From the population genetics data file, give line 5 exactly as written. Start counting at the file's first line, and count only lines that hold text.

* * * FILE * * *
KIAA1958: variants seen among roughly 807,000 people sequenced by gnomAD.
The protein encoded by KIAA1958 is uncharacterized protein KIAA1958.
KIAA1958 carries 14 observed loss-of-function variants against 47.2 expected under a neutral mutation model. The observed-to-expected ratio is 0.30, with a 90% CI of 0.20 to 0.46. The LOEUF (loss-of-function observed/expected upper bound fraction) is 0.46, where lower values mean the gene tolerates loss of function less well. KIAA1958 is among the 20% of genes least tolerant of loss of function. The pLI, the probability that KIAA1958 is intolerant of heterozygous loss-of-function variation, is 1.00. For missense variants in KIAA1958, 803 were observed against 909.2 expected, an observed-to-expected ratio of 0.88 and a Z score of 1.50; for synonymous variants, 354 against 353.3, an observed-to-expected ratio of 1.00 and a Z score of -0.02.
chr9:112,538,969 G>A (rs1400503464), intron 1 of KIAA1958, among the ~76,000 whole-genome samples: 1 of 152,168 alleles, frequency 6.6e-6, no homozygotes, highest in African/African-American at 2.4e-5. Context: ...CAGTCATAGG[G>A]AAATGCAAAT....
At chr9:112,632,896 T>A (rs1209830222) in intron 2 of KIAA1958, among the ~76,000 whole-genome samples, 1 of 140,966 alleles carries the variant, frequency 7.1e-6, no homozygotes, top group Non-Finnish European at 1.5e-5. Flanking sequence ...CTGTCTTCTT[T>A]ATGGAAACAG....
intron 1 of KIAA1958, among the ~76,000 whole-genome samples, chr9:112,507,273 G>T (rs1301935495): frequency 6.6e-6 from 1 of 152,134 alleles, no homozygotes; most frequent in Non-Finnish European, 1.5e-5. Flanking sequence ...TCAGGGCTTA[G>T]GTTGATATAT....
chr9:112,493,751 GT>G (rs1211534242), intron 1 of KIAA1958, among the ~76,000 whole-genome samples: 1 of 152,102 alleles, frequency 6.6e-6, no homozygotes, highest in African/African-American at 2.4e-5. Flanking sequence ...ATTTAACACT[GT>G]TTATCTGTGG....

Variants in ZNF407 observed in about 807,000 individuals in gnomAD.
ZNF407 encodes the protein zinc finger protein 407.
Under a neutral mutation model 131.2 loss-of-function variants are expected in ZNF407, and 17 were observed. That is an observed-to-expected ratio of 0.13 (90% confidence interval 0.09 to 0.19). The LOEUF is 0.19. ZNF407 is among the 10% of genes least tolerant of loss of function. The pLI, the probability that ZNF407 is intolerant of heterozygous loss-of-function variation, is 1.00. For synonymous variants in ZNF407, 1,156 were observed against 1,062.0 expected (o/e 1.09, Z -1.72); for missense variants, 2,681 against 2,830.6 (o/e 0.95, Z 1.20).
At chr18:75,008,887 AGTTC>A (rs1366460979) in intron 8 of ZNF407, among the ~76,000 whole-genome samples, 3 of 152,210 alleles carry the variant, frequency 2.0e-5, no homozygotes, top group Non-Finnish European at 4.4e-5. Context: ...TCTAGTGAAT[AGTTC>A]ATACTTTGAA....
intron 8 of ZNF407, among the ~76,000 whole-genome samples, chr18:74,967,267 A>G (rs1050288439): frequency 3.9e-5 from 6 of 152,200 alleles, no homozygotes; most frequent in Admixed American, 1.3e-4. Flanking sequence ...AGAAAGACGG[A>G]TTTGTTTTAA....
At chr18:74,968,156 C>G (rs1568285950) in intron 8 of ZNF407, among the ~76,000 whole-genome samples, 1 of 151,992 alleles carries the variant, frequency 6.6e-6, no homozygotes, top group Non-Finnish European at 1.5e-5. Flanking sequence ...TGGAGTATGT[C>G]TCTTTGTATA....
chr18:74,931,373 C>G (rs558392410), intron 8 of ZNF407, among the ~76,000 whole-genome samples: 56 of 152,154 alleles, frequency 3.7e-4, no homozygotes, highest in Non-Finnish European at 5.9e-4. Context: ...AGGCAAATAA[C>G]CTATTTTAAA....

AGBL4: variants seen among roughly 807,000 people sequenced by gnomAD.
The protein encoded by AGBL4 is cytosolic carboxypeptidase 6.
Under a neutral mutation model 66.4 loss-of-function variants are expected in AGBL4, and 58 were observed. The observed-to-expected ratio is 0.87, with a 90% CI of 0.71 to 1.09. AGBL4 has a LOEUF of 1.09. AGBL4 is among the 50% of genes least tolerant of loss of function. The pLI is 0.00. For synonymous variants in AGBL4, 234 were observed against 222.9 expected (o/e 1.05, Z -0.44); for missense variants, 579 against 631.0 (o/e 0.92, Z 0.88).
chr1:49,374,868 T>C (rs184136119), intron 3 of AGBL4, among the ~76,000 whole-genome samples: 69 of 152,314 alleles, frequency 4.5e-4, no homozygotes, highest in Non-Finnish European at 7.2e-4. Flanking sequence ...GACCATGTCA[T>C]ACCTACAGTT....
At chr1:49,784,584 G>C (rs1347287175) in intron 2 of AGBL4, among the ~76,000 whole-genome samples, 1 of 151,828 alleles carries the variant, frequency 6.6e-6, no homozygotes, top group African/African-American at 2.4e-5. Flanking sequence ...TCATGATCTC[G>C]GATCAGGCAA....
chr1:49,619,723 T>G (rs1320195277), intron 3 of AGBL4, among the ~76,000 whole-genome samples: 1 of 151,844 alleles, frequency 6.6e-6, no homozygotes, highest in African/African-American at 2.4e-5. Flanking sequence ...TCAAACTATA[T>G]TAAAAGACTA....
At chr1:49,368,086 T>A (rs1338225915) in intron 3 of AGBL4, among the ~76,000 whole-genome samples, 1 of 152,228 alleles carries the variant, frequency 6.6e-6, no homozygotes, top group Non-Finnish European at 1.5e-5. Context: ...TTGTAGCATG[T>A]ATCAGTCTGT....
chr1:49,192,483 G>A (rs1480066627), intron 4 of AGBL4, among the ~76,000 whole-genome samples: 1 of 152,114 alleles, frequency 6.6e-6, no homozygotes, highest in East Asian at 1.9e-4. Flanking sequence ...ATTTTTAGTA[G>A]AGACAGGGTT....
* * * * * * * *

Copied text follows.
At chr9:112,632,896 T>A (rs1209830222) in intron 2 of KIAA1958, among the ~76,000 whole-genome samples, 1 of 140,966 alleles carries the variant, frequency 7.1e-6, no homozygotes, top group Non-Finnish European at 1.5e-5. Flanking sequence ...CTGTCTTCTT[T>A]ATGGAAACAG....